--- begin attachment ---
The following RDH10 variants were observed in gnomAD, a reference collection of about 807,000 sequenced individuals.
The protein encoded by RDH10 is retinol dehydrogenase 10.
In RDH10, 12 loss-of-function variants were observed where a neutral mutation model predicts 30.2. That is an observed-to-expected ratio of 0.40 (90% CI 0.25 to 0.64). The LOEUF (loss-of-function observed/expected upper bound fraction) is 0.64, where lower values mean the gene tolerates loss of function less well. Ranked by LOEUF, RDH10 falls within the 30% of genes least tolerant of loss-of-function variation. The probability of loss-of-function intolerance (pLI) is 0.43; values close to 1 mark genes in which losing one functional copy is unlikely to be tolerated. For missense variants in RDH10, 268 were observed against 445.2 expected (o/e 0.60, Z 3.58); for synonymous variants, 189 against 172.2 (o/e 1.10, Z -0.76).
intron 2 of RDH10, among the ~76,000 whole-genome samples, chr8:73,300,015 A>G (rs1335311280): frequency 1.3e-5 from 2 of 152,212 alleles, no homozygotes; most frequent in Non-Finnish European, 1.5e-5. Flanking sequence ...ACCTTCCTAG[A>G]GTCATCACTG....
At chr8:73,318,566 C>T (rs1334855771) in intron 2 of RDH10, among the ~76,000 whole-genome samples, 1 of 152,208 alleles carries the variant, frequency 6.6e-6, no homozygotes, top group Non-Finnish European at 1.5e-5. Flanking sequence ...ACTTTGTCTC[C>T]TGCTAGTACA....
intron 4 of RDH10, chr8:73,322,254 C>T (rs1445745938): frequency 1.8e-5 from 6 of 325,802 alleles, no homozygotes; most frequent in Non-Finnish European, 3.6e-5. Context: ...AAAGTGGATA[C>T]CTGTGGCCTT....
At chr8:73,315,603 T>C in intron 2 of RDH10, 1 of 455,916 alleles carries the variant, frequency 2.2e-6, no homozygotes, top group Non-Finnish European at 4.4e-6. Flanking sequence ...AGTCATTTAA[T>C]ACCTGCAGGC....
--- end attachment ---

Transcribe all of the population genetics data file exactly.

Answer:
The following RDH10 variants were observed in gnomAD, a reference collection of about 807,000 sequenced individuals.
The protein encoded by RDH10 is retinol dehydrogenase 10.
In RDH10, 12 loss-of-function variants were observed where a neutral mutation model predicts 30.2. That is an observed-to-expected ratio of 0.40 (90% CI 0.25 to 0.64). The LOEUF (loss-of-function observed/expected upper bound fraction) is 0.64, where lower values mean the gene tolerates loss of function less well. Ranked by LOEUF, RDH10 falls within the 30% of genes least tolerant of loss-of-function variation. The probability of loss-of-function intolerance (pLI) is 0.43; values close to 1 mark genes in which losing one functional copy is unlikely to be tolerated. For missense variants in RDH10, 268 were observed against 445.2 expected (o/e 0.60, Z 3.58); for synonymous variants, 189 against 172.2 (o/e 1.10, Z -0.76).
intron 2 of RDH10, among the ~76,000 whole-genome samples, chr8:73,300,015 A>G (rs1335311280): frequency 1.3e-5 from 2 of 152,212 alleles, no homozygotes; most frequent in Non-Finnish European, 1.5e-5. Flanking sequence ...ACCTTCCTAG[A>G]GTCATCACTG....
At chr8:73,318,566 C>T (rs1334855771) in intron 2 of RDH10, among the ~76,000 whole-genome samples, 1 of 152,208 alleles carries the variant, frequency 6.6e-6, no homozygotes, top group Non-Finnish European at 1.5e-5. Flanking sequence ...ACTTTGTCTC[C>T]TGCTAGTACA....
intron 4 of RDH10, chr8:73,322,254 C>T (rs1445745938): frequency 1.8e-5 from 6 of 325,802 alleles, no homozygotes; most frequent in Non-Finnish European, 3.6e-5. Context: ...AAAGTGGATA[C>T]CTGTGGCCTT....
At chr8:73,315,603 T>C in intron 2 of RDH10, 1 of 455,916 alleles carries the variant, frequency 2.2e-6, no homozygotes, top group Non-Finnish European at 4.4e-6. Flanking sequence ...AGTCATTTAA[T>C]ACCTGCAGGC....